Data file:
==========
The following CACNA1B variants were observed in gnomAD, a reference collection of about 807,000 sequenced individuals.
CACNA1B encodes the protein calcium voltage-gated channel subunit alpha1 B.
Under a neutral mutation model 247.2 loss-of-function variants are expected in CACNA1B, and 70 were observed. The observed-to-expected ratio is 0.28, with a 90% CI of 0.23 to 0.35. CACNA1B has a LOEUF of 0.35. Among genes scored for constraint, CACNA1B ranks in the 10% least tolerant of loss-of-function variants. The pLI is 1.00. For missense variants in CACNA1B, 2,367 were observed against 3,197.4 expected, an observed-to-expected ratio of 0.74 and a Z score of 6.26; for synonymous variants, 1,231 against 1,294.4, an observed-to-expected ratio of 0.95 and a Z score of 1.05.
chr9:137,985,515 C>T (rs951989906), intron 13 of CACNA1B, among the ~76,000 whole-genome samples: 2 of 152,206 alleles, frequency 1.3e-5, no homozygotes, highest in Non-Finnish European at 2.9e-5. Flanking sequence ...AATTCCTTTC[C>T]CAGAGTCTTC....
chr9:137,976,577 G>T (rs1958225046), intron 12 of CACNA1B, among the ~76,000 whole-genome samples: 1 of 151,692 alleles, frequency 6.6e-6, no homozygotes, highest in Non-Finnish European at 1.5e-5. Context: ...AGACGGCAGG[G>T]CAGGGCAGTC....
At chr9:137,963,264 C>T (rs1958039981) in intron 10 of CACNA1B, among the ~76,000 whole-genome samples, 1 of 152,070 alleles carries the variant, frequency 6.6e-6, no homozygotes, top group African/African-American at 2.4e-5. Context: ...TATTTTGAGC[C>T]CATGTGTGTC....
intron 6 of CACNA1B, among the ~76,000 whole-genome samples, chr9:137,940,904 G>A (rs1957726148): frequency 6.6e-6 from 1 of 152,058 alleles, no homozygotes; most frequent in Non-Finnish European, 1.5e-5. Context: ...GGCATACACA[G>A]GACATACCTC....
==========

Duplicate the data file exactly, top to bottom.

The following CACNA1B variants were observed in gnomAD, a reference collection of about 807,000 sequenced individuals.
CACNA1B encodes the protein calcium voltage-gated channel subunit alpha1 B.
Under a neutral mutation model 247.2 loss-of-function variants are expected in CACNA1B, and 70 were observed. The observed-to-expected ratio is 0.28, with a 90% CI of 0.23 to 0.35. CACNA1B has a LOEUF of 0.35. Among genes scored for constraint, CACNA1B ranks in the 10% least tolerant of loss-of-function variants. The pLI is 1.00. For missense variants in CACNA1B, 2,367 were observed against 3,197.4 expected, an observed-to-expected ratio of 0.74 and a Z score of 6.26; for synonymous variants, 1,231 against 1,294.4, an observed-to-expected ratio of 0.95 and a Z score of 1.05.
chr9:137,985,515 C>T (rs951989906), intron 13 of CACNA1B, among the ~76,000 whole-genome samples: 2 of 152,206 alleles, frequency 1.3e-5, no homozygotes, highest in Non-Finnish European at 2.9e-5. Flanking sequence ...AATTCCTTTC[C>T]CAGAGTCTTC....
chr9:137,976,577 G>T (rs1958225046), intron 12 of CACNA1B, among the ~76,000 whole-genome samples: 1 of 151,692 alleles, frequency 6.6e-6, no homozygotes, highest in Non-Finnish European at 1.5e-5. Context: ...AGACGGCAGG[G>T]CAGGGCAGTC....
At chr9:137,963,264 C>T (rs1958039981) in intron 10 of CACNA1B, among the ~76,000 whole-genome samples, 1 of 152,070 alleles carries the variant, frequency 6.6e-6, no homozygotes, top group African/African-American at 2.4e-5. Context: ...TATTTTGAGC[C>T]CATGTGTGTC....
intron 6 of CACNA1B, among the ~76,000 whole-genome samples, chr9:137,940,904 G>A (rs1957726148): frequency 6.6e-6 from 1 of 152,058 alleles, no homozygotes; most frequent in Non-Finnish European, 1.5e-5. Context: ...GGCATACACA[G>A]GACATACCTC....